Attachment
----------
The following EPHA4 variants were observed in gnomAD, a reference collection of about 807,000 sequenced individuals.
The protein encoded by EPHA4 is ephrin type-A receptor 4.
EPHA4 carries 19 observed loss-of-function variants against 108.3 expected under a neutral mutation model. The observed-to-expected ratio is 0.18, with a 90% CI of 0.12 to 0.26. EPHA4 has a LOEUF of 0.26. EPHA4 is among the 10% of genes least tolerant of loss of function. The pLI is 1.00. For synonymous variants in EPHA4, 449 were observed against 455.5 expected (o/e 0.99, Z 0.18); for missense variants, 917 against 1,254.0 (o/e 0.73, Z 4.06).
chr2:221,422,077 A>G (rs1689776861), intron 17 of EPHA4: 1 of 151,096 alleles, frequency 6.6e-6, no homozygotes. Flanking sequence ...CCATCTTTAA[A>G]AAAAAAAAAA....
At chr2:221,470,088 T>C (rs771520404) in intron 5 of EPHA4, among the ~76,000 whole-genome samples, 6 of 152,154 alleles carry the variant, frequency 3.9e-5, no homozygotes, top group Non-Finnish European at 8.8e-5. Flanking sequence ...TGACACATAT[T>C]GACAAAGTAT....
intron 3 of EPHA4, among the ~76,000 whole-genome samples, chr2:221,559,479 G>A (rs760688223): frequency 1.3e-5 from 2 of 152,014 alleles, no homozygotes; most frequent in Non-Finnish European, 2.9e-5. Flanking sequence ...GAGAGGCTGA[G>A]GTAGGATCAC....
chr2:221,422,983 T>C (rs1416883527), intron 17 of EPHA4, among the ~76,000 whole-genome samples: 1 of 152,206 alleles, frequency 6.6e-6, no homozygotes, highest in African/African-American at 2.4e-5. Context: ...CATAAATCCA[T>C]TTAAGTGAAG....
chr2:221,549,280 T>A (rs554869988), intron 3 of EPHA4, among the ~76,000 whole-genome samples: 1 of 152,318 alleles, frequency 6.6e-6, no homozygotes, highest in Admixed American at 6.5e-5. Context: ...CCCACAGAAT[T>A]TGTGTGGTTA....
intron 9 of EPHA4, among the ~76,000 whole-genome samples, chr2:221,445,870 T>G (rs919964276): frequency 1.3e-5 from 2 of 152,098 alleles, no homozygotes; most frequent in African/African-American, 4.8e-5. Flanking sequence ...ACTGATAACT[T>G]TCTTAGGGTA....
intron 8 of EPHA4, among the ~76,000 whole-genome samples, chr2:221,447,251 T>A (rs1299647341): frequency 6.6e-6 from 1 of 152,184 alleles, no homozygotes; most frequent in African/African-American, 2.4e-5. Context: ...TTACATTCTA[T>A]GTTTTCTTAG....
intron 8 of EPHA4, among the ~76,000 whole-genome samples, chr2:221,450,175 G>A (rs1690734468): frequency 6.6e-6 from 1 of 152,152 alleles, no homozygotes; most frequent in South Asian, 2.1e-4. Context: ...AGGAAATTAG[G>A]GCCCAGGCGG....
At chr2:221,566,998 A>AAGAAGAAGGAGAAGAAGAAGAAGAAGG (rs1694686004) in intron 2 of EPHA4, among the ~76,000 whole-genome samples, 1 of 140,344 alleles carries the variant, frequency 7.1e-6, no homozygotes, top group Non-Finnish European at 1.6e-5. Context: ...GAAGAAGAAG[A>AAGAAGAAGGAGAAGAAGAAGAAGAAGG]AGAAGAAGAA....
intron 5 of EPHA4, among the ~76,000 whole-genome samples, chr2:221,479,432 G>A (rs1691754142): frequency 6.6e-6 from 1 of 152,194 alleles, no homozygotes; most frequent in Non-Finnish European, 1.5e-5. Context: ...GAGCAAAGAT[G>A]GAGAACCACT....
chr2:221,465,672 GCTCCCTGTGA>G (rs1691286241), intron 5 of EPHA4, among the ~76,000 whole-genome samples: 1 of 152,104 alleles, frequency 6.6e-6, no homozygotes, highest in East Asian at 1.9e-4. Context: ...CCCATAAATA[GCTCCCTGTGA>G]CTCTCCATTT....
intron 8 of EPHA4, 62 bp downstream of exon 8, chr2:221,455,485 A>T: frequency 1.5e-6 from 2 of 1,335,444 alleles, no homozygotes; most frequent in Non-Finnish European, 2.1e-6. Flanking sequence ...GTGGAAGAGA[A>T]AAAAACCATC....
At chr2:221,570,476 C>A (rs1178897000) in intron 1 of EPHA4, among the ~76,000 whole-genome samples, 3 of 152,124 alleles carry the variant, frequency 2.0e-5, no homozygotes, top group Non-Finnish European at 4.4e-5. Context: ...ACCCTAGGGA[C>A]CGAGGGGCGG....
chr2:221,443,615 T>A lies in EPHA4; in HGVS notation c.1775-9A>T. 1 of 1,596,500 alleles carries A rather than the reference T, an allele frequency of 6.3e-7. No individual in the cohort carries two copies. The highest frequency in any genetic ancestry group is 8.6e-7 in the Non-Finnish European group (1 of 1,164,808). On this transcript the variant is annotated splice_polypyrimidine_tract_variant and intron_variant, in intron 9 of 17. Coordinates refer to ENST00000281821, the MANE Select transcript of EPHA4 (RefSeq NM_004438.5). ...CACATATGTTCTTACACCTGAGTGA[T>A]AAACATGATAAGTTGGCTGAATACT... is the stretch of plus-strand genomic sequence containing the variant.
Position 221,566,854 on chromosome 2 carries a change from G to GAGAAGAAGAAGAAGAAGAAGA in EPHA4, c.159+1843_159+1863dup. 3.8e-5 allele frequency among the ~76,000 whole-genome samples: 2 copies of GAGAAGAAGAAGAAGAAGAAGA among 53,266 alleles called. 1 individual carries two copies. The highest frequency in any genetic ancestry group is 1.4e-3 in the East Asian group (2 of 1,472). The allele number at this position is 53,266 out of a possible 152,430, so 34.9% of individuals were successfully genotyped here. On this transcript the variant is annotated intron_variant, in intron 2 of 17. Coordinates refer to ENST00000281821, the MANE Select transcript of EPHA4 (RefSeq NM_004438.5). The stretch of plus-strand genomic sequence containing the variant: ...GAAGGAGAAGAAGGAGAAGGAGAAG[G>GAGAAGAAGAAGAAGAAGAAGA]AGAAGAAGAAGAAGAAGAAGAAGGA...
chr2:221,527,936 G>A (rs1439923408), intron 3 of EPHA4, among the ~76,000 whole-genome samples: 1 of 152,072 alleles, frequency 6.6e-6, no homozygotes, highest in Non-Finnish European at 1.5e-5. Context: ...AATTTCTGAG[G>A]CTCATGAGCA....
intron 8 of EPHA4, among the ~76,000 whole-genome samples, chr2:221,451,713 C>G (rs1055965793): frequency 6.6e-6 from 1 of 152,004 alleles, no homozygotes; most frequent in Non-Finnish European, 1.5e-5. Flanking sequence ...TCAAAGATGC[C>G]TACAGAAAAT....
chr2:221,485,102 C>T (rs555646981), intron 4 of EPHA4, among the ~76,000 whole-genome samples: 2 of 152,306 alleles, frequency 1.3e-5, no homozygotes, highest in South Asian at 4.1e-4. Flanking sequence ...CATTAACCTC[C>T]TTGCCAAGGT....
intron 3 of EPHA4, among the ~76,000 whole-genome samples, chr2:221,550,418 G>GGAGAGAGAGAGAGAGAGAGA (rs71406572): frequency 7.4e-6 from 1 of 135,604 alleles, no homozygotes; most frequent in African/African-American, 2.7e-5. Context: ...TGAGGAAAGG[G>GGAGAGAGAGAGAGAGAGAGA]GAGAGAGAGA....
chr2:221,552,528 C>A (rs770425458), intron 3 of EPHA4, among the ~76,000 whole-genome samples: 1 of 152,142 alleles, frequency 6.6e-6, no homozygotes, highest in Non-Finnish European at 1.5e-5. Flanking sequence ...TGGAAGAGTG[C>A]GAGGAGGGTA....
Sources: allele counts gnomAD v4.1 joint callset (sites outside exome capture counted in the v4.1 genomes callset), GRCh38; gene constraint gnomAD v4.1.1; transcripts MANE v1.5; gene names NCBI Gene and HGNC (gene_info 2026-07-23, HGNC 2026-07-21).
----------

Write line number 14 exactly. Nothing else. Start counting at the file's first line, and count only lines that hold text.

chr2:221,465,672 GCTCCCTGTGA>G (rs1691286241), intron 5 of EPHA4, among the ~76,000 whole-genome samples: 1 of 152,104 alleles, frequency 6.6e-6, no homozygotes, highest in East Asian at 1.9e-4. Context: ...CCCATAAATA[GCTCCCTGTGA>G]CTCTCCATTT....